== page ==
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2010-02-24 19:27:19

Profit by Publicity: Finding and Contacting Journalists

 

Over the years, I’ve generated as much news coverage for my PR clients and the Marin Association of REALTORS® from reporters I did not know as from journalists with whom I had long-term working relationships. That’s because a good story can be like bait: it can encourage reporters to come to you — whether you know them or not.
 
Indeed, when I was the marketing strategies columnist for the Wall Street Journal’s StartUpJournal.com, I had no qualms about hearing from complete strangers who wanted to be in my columns as long as they had the right credentials, a good story to tell and knew how to talk to a journalist. When searching for people to interview, I would often use services such as Profnet.com, which helps connect reporters with experts or spokespeople.      
 
But what if you are a real estate agent or broker who wants to pitch a story idea to with a reporter? Since most local news organizations usually assign the task of covering real estate stories to one journalist, it can be relatively easy to find the right person quickly.
 
Here’s how:
 
  • Simply call the news outlet and ask the operator for the name and phone number or e-mail of their real estate or business reporter, or the columnist you think will be most interested in your story or announcement.
  • Some newspapers list the phone number or e-mail addresses of their reporters along with their stories.  
  • When seeking television or radio coverage, call the local stations and ask to speak to their news assignment editor.  Few broadcast journalists specialize in real estate stories.
  • It can be helpful to both you and the reporter if you get to know them before you have a story to pitch them. The sooner you get to know them, the sooner you’ll know what specific real estate stories they may be interested in covering. The reporter will get a better idea about your own areas of real estate expertise. This may in turn suggest news hooks and story angles that may be of interest to the reporter and his audience.
  • If you want news organizations to cover a special event or news conference, it will also help to call the local office of the Associated Press and ask them to list your event on their daybook (or calendar) of scheduled events and activities.

But if it’s important that you notify as many news organizations as possible about your news or event, there are several services that can help you get the job done, such as private news wire services such as PR Newswire BusinessWire who, for a fee, will send your release electronically to the different categories of news organizations you specify, or nationwide to thousands of editors and reporters.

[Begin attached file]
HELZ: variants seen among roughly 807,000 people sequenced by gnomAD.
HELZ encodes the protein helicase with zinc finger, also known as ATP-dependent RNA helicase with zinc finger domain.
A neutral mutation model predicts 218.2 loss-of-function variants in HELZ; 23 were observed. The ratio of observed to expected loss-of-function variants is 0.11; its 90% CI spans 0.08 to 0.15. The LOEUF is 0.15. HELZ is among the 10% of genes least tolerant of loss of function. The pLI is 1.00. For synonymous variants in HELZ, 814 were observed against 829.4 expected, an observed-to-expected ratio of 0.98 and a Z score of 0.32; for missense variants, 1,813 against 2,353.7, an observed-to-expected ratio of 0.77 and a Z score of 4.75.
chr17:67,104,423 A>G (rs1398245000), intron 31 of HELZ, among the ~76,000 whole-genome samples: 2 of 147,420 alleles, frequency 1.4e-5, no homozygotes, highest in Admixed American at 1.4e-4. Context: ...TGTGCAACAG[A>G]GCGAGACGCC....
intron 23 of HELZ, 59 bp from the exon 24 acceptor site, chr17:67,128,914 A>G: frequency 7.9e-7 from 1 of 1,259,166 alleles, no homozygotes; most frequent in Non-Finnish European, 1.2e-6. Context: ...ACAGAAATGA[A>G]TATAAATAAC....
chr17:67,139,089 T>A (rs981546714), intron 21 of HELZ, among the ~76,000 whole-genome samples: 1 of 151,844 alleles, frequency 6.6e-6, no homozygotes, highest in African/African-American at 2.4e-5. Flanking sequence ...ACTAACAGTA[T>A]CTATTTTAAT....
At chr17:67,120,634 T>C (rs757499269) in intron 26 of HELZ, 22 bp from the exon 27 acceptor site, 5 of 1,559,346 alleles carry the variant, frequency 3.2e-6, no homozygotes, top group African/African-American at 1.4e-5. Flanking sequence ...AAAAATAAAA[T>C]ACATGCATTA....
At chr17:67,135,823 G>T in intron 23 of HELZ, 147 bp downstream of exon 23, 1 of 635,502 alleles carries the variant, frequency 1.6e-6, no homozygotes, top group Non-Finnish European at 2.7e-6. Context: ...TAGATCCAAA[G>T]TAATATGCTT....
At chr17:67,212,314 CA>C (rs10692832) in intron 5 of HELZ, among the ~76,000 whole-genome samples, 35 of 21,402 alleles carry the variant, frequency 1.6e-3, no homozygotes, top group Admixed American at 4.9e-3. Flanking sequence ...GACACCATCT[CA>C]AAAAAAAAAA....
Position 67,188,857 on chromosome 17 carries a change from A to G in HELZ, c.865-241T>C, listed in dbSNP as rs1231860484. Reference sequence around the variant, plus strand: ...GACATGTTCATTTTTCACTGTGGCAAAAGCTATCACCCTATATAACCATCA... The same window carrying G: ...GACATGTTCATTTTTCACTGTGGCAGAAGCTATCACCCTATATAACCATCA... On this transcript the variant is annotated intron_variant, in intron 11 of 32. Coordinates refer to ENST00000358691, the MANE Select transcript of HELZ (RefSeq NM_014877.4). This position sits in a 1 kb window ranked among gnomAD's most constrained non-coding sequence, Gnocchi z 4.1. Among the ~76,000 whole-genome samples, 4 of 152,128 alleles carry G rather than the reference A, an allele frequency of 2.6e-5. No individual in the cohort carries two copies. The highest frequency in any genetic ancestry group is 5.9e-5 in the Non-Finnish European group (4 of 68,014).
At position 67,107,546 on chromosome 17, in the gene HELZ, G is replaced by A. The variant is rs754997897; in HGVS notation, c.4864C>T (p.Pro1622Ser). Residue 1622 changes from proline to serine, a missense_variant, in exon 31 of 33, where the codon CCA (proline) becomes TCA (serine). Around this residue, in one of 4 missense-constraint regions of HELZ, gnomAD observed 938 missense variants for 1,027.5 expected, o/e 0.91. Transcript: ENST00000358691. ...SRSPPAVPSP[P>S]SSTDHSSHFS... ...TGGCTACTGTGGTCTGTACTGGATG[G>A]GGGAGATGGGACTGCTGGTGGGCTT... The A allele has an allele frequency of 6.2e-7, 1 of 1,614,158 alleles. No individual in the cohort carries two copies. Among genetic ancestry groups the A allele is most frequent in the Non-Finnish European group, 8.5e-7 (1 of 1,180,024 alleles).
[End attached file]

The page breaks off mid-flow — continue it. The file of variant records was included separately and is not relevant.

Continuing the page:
Whichever way you decide to go, keep the following advice in mind:
 
  • Since the features and costs for these and other services are always subject to change, be sure to contact them or their Web sites for the latest and most up-to-date information, and cost-compare to decide which is best for you based on your needs and budget.
  •  Use a heavy dose of common sense in determining how much time, effort and money to spend in distributing your news release. If you send releases to people who common sense would tell you have absolutely no interest in reading them, then you are wasting both your time and theirs. And remember that different reporters have different preferences for how they like to receive information—phone, fax, e-mail, or snail mail.
 
If, as part of your marketing activities, you send a real estate newsletter to clients and new business prospects, then you’ve left off an important audience from the distribution list: the media.   
        
Most editors, reporters and columnists are always on the lookout for new story leads, article ideas and reliable sources of information about the topics and issues they cover.
 
Real estate stories are no exception.
 
That’s why it makes sense to send a copy of your latest printed or e-mail newsletter to the journalists who cover real estate in your area, have done stories about you in the past or who you’d like to write about you in the future. 
 
Sending newsletters to the media is also a good way to get “more bang for the buck” out of the work you put into the newsletter in the first place.
 
The information in your newsletter may be perceived by reporters as being less intrusive than sending story pitch letters or “pestering” them with story ideas via
e-mail or the telephone.

Post the newsletter on your Web site, as well as an archive of past issues — but only if you are willing to share the contents with the rest of the world.

Carefully review your content to determine whether will be of interest to journalists in the first place.

If you have any doubts whether reporters would be interested in receiving your newsletter, just ask them. And always remove them promptly from the distribution list if they say they want to stop receiving them, or provide them with an opt-out function so they can do it themselves.  
 
Edward Segal, RCE, is the author of the Profit by Publicity series of live and online classes, audiobook and how-to-reference guide for real estate agents and brokers.  Segal was the marketing strategies columnist for The Wall Street Journal’s StartUpJournal.com, a PR consultant to more than 500 clients and press secretary to members of Congress.  He is now CEO of the Marin County Association of REALTORS® in San Rafael, Calif.  Visit his Web site at  www.ProfitbyPublicity.com

 

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